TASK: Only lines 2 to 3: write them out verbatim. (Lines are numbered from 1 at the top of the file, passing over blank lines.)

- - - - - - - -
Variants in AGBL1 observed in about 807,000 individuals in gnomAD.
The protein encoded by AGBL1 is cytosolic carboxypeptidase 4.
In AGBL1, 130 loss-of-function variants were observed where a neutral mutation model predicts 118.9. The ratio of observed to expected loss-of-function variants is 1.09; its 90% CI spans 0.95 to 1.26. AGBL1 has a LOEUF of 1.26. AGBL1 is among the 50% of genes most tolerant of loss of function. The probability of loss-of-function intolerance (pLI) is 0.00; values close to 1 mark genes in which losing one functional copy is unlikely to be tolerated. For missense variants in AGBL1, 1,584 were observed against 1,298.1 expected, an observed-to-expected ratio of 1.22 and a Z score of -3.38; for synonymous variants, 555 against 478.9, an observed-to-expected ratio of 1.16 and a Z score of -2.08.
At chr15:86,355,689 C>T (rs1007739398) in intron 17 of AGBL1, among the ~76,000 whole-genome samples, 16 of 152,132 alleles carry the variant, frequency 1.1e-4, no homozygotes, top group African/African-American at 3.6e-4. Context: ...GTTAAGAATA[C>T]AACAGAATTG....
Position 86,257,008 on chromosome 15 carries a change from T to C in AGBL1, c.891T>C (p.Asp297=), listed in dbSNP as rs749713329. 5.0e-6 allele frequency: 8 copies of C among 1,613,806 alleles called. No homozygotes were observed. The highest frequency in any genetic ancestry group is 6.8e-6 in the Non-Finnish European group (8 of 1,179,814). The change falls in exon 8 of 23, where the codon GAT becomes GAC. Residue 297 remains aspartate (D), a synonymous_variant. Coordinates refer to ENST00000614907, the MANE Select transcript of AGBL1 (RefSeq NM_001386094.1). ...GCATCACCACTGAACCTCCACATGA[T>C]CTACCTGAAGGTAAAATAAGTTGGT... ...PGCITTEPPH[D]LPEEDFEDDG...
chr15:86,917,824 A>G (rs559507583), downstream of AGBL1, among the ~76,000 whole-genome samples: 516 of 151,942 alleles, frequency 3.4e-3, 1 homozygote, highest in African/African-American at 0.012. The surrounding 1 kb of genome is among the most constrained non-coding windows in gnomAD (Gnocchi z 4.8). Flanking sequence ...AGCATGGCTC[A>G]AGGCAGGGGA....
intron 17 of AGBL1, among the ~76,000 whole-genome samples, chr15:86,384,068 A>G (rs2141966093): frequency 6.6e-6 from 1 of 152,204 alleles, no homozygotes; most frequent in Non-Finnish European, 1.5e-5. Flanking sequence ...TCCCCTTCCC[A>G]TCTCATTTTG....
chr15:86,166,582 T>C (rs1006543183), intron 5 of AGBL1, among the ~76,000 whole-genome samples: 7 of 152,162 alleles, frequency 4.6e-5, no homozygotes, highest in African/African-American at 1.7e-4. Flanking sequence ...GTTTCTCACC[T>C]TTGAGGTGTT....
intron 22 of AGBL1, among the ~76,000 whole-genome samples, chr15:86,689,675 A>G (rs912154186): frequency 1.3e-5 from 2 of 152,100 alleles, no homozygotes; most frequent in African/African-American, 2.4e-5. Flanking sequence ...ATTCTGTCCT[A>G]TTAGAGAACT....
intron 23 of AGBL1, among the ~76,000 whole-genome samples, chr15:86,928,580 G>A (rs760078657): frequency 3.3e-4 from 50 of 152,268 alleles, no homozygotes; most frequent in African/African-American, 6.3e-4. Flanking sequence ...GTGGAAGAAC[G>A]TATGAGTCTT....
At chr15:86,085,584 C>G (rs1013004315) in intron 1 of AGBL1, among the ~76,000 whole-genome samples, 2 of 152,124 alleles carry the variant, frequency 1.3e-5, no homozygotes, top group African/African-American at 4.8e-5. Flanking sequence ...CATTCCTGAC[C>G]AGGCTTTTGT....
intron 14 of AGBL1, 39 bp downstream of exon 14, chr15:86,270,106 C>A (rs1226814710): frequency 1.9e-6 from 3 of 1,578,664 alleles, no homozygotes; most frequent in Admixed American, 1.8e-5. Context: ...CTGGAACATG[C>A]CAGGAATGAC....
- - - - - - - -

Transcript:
The protein encoded by AGBL1 is cytosolic carboxypeptidase 4.
In AGBL1, 130 loss-of-function variants were observed where a neutral mutation model predicts 118.9. The ratio of observed to expected loss-of-function variants is 1.09; its 90% CI spans 0.95 to 1.26. AGBL1 has a LOEUF of 1.26. AGBL1 is among the 50% of genes most tolerant of loss of function. The probability of loss-of-function intolerance (pLI) is 0.00; values close to 1 mark genes in which losing one functional copy is unlikely to be tolerated. For missense variants in AGBL1, 1,584 were observed against 1,298.1 expected, an observed-to-expected ratio of 1.22 and a Z score of -3.38; for synonymous variants, 555 against 478.9, an observed-to-expected ratio of 1.16 and a Z score of -2.08.